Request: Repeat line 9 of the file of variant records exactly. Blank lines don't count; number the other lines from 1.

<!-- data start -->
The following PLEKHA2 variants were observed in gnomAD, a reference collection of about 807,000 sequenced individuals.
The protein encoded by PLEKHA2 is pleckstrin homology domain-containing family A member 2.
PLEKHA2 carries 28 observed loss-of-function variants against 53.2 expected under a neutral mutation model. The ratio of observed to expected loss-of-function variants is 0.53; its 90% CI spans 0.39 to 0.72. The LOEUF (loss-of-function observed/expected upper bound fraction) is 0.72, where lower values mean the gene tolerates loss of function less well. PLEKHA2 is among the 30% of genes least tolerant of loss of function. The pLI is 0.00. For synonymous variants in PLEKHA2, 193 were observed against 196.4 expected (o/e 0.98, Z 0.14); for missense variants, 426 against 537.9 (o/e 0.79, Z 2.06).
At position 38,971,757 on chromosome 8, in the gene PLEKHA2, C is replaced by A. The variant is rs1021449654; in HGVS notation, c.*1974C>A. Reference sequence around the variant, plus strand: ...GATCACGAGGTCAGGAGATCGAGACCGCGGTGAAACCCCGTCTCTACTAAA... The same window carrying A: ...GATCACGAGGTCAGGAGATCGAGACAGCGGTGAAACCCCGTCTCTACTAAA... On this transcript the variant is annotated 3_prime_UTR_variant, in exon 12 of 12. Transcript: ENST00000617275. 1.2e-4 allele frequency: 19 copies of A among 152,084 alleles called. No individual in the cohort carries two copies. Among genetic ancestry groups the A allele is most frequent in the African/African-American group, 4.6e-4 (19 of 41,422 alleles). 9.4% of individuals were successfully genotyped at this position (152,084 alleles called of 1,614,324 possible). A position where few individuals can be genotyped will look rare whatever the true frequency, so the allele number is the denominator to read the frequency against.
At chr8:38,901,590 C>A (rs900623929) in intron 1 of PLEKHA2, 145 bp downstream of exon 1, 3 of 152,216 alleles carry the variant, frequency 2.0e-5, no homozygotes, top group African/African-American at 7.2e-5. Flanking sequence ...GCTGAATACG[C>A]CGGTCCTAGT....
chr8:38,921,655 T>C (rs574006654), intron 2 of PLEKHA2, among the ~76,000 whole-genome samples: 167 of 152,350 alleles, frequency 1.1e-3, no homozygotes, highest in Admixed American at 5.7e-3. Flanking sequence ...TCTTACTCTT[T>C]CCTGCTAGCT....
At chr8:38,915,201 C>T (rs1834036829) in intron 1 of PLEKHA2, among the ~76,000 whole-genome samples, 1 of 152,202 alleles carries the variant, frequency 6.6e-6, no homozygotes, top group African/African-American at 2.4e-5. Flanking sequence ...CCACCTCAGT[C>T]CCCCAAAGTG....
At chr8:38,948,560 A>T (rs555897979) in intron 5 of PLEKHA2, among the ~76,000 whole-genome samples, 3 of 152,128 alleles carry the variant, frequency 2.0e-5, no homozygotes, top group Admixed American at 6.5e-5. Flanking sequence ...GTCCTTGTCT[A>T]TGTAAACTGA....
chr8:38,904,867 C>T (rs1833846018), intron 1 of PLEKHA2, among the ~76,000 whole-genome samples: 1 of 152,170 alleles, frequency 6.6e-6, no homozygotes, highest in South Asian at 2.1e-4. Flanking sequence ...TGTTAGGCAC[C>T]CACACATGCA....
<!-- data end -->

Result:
chr8:38,904,867 C>T (rs1833846018), intron 1 of PLEKHA2, among the ~76,000 whole-genome samples: 1 of 152,170 alleles, frequency 6.6e-6, no homozygotes, highest in South Asian at 2.1e-4. Flanking sequence ...TGTTAGGCAC[C>T]CACACATGCA....